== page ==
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ENERGY EFFICIENCY IMPROVEMENTS

Green Homes Grant: What is it?

Green Homes Grant launches in September

(Image credit: Getty Images)

The Green Homes Grant was introduced in July 2020 by chancellor Rishi Sunak to help homeowners make their homes more energy efficient. It is set to launch in September 2020.

The announcement of the Green Homes Grant followed a fraught spring for the UK economy, which contracted by 25% amid the coronavirus pandemic. 

The Green Homes Grant was one of the major updates in the government’s Summer Statement — laying the foundations for a green recovery. Once launched, the government will pay two-thirds of energy-efficient home improvements up to £5,000. 

As well as planning to create thousands of new jobs, the government believes the scheme will help the UK meet its 2020 target of achieving net zero carbon emissions. Here’s what we know so far.

What is the Green Homes Grant?

The Green Homes Grant scheme will provide £2bn for projects such as ensuring houses are properly insulated. This is part of a wider £3bn plan to cut carbon emissions. 

The grants will be provided in the form of vouchers which can be used towards making energy-efficient improvements to homes. 

The Treasury claims that utilising these vouchers could save families up to £300 a year on energy bills, although it is not clear how this has been calculated. Sunak confirmed that the average annual saving will likely be in the region of £200.

How Does the Green Homes Grant Work?

 

In order to obtain a voucher, homeowners will have to make an online application for recommended energy efficiency measures, with details forwarded to accredited local suppliers. 

Once one of the suppliers has issued a quote, and the requested work has been approved, then the government will issue the voucher towards the work. 

Who Can Apply for the Vouchers?

The chancellor revealed that both homeowners and landlords would be eligible in his statement, but we await further details. The chancellor confirmed that up to 650,000 homes will be covered by the grant.

How Much are the Vouchers Worth?

 

Under the scheme, the government will pay at least two-thirds of the cost of home improvements that save energy, up to £5,000. 

 

For example, if you were to have a new, more energy-efficient boiler installed for around £2,000, then the government would contribute around £1,333 and the homeowner would pay around £666.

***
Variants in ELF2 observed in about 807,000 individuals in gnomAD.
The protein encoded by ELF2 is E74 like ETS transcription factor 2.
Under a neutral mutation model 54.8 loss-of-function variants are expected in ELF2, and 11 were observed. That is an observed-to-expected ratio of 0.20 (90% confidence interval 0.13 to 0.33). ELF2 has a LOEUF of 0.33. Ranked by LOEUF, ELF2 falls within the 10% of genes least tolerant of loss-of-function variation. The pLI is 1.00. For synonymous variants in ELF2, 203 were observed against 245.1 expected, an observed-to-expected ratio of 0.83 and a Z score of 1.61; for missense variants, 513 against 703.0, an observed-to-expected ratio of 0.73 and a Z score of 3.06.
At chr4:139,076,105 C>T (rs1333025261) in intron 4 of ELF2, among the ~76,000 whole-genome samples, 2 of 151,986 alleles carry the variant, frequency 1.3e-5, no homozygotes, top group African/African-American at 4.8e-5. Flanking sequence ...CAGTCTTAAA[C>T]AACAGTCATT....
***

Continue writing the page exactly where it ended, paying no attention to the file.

The poorest households will be eligible to receive up to £10,000 towards these improvements. And these poorest homeowners will not have to contribute anything to the cost. 

What Does the Green Homes Grant Cover?

Homeowners will be able to spend these vouchers on a myriad of improvements, including:

When Will the Grant be Available? 

Applications for the scheme will open in early September 2020. 

How Can I Claim Green Homes Grant Vouchers?

From September, it will be possible to apply for the grant online. We’ll be updating this page as further details become available.

What Else Should I Consider?

 

While the vouchers will provide a much-needed boost for low-income households, the £5,000 cap – or £10,000 for the poorest homeowners – may not be enough for certain energy efficiency improvements to be made.

 

For example, external wall insulation on a three-bedroom house is likely to cost in the region of £10,000, while a larger detached home will cost £8,000-£15,000. Vouchers up to the value of £5,000 will not cover two-thirds of the costs in these instances. 

 

Architect Paul Testa from Paul Testa Architecture and contributor to Homebuilding & Renovating magazine, said: “The scheme is going to be great for really poor households, who will be able to get a boiler replacement or cheap double glazing, and this will provide immediate relief. But all this will do is lock in poor performance for longer. It’s forcing people to go down the cheapest route”.

Reaction to the Green Homes Grant

 
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News of the Green Homes Grant scheme was welcomed by business groups and industry leaders alike. 

Brian Berry, chief executive of the Federation of Master Builders (FMB), said: “This is very good news, signalling both an important step towards building back better and greener, and a vote of confidence for local builders up and down the country.” 

However, industry experts fear the scheme could yet exacerbate the problems facing households if the work is not undertaken correctly. 

David Hilton, director of Heat and Energy Ltd and contributor to Homebuilding & Renovating, agrees that while the scheme could prove significant for some households, it could yet prove problematic.

“I welcome the move and anything that supports homeowners to make their homes energy efficient is of course a good thing,” said Hilton. “However, knee-jerk reactions can be problematic, and these vouchers might not have a lasting effect if the scheme is not rolled out properly.

“For example, I’ve seen problems with poorly fitted insulation. If you therefore use these vouchers to install internal insulation but you do not fix external problems, then it will not have a lasting effect. And who will ensure this is done properly?”

Details are sparse as to how the scheme will be regulated, and Mike Fairman, CEO of Checkatrade, agrees that it will be essential to hire only experienced and vetted traders to carry out home improvement projects.

“We welcome this move from the government to help bolster the trade economy, through the promotion of energy saving home improvements. However, homeowners should be wary of cowboy builders and traders who don’t have adequate experience, who will be looking to profit off this initiative,” said Fairman. 

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